To describe the consistency in the frequency of 5 health outcomes across the International Classification of Diseases, Ninth Revision, Clinical Modification (ICD-9-CM) and Tenth Revision, Clinical Modification (ICD-10-CM) eras in the US.
We examined the incidence of 3 acute conditions (acute myocardial infarction [AMI], angioedema, ischemic stroke) and the prevalence of 2 chronic conditions (diabetes, hypertension) during the final 5 years of the ICD-9-CM era (January 2010-September 2015) and the first 15 months of the ICD-10-CM era (October 2015-December 2016) in 13 electronic health care databases in the Sentinel System. For each health outcome reviewed during the ICD-10-CM era, we evaluated 4 definitions, including published algorithms derived from other countries, as well as simple-forward, simple-backward, and forward-backward mapping using the General Equivalence Mappings. For acute conditions, we also compared the incidence between April to December 2014 and April to December 2016.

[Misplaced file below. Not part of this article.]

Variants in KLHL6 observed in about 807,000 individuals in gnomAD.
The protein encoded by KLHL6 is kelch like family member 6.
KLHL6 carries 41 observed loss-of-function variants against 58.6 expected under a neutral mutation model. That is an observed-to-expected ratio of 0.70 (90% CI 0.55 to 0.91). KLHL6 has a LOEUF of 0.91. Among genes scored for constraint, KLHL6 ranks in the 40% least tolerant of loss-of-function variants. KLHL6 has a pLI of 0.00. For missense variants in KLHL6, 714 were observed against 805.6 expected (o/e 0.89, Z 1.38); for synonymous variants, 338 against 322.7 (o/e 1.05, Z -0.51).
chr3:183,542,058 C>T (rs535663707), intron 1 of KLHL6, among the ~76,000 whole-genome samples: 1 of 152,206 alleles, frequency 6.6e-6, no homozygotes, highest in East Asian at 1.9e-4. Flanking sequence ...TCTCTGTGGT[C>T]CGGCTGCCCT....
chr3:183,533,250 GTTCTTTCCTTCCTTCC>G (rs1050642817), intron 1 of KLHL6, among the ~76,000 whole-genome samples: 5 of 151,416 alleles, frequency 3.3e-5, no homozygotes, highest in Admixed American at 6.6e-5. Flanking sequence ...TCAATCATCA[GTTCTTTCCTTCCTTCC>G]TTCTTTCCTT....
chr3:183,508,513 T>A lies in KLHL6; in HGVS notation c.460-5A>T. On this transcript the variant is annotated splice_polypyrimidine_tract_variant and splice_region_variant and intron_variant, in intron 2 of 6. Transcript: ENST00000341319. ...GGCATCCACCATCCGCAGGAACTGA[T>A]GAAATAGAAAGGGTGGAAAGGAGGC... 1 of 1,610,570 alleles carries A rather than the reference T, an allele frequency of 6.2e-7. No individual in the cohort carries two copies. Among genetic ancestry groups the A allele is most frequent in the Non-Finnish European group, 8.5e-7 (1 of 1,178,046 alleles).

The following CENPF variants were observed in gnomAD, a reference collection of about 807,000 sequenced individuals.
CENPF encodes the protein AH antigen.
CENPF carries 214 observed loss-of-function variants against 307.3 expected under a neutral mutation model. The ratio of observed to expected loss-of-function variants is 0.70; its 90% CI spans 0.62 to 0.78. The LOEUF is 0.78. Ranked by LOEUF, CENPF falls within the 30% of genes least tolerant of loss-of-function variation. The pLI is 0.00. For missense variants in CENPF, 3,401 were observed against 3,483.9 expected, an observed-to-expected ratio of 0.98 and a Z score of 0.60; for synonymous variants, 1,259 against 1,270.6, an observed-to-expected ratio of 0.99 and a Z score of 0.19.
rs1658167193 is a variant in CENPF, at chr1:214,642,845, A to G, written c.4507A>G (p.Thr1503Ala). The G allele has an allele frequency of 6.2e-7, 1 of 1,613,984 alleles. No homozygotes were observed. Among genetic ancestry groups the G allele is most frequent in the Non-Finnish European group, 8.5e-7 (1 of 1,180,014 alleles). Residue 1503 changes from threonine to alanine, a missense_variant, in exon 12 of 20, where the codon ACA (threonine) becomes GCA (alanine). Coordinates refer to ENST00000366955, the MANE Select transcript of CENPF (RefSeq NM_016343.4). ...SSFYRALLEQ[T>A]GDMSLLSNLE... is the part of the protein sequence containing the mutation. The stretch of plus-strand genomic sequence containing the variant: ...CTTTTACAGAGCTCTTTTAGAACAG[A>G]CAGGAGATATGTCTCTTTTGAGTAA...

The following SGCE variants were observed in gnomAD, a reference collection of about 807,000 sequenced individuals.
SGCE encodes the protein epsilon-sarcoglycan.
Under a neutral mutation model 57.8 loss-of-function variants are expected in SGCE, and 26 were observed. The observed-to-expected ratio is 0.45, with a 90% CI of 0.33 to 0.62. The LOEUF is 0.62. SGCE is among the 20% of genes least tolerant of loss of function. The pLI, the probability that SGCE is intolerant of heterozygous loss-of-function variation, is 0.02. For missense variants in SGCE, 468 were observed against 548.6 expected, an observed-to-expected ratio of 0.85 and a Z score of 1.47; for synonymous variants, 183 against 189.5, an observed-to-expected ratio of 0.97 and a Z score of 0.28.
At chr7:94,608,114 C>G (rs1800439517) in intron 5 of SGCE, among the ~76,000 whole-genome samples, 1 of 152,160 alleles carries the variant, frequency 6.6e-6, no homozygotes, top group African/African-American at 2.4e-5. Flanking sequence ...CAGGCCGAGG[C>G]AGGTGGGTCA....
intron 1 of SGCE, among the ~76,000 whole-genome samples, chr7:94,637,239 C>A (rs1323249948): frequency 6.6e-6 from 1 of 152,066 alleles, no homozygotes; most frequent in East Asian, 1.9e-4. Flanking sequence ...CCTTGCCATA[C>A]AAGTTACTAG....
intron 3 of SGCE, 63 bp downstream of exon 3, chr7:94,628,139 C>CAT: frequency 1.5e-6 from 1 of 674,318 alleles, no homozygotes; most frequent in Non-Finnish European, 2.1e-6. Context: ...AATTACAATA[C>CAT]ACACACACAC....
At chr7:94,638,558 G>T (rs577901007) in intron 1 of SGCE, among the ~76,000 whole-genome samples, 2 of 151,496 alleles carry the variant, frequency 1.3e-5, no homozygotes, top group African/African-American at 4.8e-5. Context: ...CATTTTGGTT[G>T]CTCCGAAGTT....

The analyses included data from approximately 172 million health plan members. While the incidence or prevalence of AMI and hypertension performed similarly across the 2 eras, the other 3 outcomes did not demonstrate consistent trends for some or all the ICD-10-CM definitions assessed.
When using data from both the ICD-9-CM and ICD-10-CM eras, or when using results from ICD-10-CM data to compare to results from ICD-9-CM data, researchers should test multiple ICD-10-CM outcome definitions as part of sensitivity analysis. Ongoing assessment of the impact of ICD-10-CM transition on identification of health outcomes in US electronic health care databases should occur as more data accrue.